Long Island Matters and the Urbanization of Suburbia



Photo of the Long Island Expressway during the rush hour

There has been much written about the “brain drain” on Long Island and the efforts to resolve it by constructing large scale, high density, mixed use housing developments. It sounds great on paper…keeping our young people on Long Island by providing them with “affordable housing.”

This strategy has garnered much support…at least by those who stand to make great financial and political gains by urbanizing suburbia. But there is a rapidly growing opposition to this tactic. Long Islanders who value their communities are beginning to awaken to this overdevelopment of our communities and are unwilling to allow Long Island to become the “6th borough of New York City.”

There is far more to this story than the developers’ professional renderings indicate. We are not looking at affordable housing for young professionals here–not with rents in the $2000-$2500 range.

We are looking at overcrowded schools; police, fire, and rescue services being stretched beyond their capabilities; drastically increased traffic and wear and tear on roads that are already impossible to navigate at certain times; and a huge burden on social services and medical facilities. The enormous weight of these ventures will fall on the shoulders of Long Island taxpayers and the environmental impact will be catastrophic. We will be experiencing a population density that the infrastructure of Long Island was never meant to handle.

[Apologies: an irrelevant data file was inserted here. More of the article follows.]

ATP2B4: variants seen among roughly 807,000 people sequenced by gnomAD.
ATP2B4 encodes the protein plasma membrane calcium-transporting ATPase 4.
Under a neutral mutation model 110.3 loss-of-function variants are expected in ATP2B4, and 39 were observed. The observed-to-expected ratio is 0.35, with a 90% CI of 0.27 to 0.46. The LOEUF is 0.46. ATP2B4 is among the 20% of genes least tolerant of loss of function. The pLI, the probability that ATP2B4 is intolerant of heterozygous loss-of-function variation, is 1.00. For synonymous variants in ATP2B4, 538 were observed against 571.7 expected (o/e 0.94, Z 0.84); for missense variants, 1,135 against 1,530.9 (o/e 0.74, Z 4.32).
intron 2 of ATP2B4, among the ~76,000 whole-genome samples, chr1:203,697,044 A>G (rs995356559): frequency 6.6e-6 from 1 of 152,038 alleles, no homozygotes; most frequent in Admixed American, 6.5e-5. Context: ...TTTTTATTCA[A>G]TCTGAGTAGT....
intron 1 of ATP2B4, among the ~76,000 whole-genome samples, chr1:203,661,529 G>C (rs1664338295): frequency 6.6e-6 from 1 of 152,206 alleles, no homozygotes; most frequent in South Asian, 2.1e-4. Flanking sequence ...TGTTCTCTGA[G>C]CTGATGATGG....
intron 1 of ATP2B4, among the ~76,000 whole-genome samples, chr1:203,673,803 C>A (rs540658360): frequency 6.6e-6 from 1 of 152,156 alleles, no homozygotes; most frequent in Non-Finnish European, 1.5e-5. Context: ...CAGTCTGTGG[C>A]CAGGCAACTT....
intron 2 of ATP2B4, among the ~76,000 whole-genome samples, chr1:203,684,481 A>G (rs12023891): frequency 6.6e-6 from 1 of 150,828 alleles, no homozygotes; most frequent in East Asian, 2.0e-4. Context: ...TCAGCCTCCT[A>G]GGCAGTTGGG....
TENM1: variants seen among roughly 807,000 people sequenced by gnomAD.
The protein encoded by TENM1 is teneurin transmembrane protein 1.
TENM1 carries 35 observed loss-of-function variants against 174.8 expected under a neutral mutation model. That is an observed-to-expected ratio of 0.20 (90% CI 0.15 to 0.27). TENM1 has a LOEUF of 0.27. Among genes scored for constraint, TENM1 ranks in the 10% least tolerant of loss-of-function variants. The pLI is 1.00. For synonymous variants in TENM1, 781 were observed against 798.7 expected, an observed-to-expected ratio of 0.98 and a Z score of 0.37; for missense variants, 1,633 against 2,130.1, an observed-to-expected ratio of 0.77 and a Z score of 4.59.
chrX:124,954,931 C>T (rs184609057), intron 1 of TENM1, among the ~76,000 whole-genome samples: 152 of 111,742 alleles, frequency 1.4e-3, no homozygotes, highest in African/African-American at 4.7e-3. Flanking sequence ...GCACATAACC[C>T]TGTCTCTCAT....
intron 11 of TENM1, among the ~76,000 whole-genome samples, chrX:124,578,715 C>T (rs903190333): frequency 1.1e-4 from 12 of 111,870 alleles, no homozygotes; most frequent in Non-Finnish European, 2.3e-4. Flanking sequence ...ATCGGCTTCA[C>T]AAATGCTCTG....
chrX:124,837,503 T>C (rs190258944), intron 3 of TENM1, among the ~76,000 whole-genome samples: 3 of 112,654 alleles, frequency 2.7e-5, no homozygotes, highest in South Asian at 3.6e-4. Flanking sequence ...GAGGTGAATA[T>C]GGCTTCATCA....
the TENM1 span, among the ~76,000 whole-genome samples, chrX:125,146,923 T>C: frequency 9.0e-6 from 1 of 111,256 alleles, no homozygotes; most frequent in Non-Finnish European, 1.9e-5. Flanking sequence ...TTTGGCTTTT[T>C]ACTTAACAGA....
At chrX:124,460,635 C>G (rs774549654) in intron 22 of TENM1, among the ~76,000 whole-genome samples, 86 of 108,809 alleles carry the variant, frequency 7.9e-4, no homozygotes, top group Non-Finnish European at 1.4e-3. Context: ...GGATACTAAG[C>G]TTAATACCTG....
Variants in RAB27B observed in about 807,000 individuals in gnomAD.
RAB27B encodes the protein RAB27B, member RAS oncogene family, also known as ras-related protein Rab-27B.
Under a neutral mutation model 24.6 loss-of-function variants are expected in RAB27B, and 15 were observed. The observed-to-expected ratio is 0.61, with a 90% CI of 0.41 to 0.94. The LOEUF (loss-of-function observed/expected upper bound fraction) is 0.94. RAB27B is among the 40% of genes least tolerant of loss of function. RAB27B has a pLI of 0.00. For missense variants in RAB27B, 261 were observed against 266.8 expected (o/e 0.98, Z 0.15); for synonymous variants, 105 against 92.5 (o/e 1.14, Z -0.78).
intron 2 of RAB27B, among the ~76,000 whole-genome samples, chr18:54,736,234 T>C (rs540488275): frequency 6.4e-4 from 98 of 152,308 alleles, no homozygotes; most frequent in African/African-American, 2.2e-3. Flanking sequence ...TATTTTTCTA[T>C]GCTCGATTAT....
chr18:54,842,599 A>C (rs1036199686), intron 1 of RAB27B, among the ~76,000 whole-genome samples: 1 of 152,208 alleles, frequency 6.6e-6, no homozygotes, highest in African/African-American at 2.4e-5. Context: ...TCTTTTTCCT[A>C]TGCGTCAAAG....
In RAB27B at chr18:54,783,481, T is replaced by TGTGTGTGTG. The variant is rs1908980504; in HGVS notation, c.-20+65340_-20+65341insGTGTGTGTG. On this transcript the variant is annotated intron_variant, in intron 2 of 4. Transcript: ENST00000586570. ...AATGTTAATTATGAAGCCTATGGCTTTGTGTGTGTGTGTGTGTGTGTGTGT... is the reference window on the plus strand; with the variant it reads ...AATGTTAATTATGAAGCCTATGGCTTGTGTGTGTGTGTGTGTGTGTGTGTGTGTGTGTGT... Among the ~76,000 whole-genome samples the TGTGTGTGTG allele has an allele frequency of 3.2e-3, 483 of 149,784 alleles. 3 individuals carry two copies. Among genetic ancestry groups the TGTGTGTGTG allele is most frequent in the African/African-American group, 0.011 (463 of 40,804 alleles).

Long Islanders deserve to know the truth about what is happening in their back yards–projects like Avalon Bay, Islip Pines and the Ronkonkoma Hub that are coming very close to fruition.

Long Island Matters is a grassroots organization of Long Islanders who want to preserve the way of life for which our parents and grandparents sacrificed so much. Our goal is to educate fellow Long Islanders about the current plan to irrevocably change the fabric of Long Island from suburb to city…from peaceful bedroom communities to a bustling metropolis.

Mary Calamia
Executive Director
Long Island Matters
(631) 913-8480